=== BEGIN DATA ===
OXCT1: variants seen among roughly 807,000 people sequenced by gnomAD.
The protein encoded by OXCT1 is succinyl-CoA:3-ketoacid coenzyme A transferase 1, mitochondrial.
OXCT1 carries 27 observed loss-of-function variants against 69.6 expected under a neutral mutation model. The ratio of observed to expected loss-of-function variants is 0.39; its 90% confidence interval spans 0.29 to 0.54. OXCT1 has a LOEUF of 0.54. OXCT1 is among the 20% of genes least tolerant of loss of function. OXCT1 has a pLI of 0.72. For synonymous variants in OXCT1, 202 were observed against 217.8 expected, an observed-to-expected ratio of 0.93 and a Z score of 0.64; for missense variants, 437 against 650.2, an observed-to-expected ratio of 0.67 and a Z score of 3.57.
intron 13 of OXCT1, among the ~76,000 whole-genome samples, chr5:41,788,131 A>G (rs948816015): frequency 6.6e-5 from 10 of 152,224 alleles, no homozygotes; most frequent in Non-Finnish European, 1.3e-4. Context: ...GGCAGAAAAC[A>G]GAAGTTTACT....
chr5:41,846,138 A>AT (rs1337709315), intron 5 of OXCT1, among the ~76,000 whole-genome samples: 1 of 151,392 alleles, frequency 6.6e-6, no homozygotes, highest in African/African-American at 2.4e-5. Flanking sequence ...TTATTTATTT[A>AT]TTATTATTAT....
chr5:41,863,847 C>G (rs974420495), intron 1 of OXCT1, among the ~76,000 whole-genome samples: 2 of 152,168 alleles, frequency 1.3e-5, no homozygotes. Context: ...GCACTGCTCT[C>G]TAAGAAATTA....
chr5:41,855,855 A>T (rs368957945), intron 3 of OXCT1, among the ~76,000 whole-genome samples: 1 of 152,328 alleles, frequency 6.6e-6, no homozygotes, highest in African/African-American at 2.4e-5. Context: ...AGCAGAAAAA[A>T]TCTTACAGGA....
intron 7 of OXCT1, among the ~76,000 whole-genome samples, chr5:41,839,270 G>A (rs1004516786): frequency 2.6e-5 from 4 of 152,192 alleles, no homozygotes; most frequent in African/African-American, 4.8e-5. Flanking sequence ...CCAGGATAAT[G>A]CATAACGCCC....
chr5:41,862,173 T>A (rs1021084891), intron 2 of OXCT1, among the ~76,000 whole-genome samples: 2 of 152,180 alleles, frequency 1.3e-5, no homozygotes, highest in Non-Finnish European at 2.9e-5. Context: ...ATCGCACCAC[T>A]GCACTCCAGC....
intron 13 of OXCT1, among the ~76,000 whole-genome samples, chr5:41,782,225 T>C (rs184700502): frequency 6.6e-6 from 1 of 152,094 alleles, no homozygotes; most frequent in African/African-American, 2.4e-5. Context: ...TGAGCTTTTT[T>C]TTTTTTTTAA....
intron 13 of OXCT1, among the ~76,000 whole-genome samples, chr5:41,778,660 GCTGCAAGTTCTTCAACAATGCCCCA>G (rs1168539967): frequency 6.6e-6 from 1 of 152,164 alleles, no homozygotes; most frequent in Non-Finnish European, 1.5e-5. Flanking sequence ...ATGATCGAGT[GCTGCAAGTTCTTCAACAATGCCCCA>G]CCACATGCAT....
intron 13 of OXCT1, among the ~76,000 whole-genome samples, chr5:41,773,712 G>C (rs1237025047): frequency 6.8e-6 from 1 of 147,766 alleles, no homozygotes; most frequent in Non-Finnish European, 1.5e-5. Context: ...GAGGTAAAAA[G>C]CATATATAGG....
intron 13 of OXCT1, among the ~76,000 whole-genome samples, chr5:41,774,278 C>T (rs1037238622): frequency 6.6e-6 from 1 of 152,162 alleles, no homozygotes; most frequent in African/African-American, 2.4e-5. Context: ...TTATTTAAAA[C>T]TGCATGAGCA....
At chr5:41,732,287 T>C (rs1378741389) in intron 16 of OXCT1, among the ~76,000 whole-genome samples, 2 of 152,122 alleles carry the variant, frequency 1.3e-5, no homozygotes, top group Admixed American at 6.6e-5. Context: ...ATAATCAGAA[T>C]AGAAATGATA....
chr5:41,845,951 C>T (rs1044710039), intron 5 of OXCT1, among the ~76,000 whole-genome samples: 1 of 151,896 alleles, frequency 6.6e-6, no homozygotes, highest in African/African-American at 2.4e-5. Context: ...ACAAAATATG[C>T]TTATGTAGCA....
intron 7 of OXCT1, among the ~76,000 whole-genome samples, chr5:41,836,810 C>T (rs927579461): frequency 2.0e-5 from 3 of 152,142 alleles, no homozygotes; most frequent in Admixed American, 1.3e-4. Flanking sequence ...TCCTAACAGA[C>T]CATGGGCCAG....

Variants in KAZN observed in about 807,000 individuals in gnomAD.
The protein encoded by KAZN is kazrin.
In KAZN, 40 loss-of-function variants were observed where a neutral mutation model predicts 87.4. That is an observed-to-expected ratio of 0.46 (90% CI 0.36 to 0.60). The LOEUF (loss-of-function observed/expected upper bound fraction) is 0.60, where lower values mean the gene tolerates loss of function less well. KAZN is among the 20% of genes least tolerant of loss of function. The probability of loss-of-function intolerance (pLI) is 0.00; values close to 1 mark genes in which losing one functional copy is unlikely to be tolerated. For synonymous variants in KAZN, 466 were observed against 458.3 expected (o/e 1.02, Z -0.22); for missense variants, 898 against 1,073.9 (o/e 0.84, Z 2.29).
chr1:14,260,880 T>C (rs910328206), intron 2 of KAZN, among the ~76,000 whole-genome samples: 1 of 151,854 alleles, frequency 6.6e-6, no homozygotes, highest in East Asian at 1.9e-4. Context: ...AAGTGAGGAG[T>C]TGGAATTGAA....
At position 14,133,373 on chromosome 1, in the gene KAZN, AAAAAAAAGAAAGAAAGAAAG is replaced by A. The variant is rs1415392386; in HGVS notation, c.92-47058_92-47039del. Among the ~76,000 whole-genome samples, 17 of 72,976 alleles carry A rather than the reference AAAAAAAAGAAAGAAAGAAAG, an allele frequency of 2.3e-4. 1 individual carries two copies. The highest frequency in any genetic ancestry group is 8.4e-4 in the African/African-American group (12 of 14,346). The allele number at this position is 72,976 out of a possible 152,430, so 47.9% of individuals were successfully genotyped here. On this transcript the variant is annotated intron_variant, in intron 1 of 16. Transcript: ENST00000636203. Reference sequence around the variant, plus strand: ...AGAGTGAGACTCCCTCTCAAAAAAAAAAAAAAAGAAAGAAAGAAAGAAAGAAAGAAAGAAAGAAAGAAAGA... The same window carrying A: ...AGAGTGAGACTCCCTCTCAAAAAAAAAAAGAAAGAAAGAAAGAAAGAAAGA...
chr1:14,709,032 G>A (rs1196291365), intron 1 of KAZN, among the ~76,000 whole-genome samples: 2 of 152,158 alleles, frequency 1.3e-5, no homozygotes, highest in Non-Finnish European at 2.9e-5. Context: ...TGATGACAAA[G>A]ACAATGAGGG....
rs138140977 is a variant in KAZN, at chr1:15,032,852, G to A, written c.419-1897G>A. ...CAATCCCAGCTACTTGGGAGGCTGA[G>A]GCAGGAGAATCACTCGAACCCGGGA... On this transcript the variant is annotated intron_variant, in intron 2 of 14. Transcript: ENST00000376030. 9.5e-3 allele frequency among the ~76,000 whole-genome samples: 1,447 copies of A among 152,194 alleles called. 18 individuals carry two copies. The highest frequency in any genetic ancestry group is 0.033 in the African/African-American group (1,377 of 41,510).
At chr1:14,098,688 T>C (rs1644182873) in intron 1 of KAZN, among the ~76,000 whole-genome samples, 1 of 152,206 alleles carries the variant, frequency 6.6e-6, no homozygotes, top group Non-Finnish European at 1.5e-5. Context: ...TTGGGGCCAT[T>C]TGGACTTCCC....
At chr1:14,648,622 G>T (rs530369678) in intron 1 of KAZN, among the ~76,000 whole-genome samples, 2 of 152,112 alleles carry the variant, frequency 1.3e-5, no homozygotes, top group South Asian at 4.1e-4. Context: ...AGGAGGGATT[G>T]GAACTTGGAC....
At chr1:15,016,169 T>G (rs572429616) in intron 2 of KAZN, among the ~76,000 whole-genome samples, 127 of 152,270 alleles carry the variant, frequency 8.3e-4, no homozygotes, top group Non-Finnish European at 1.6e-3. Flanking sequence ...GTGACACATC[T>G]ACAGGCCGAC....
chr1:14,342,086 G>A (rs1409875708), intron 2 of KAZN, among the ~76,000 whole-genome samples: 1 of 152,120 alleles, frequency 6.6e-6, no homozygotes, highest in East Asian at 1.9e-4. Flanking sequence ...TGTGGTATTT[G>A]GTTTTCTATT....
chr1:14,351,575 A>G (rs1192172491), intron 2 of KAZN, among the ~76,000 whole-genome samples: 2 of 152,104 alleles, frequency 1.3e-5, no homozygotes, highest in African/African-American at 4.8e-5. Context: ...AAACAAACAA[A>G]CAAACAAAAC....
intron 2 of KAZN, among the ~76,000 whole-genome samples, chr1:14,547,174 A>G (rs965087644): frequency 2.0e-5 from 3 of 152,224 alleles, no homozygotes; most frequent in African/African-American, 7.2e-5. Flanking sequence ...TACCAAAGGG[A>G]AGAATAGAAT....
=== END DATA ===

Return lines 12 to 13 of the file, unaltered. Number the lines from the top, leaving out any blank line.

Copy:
intron 13 of OXCT1, among the ~76,000 whole-genome samples, chr5:41,773,712 G>C (rs1237025047): frequency 6.8e-6 from 1 of 147,766 alleles, no homozygotes; most frequent in Non-Finnish European, 1.5e-5. Context: ...GAGGTAAAAA[G>C]CATATATAGG....
intron 13 of OXCT1, among the ~76,000 whole-genome samples, chr5:41,774,278 C>T (rs1037238622): frequency 6.6e-6 from 1 of 152,162 alleles, no homozygotes; most frequent in African/African-American, 2.4e-5. Context: ...TTATTTAAAA[C>T]TGCATGAGCA....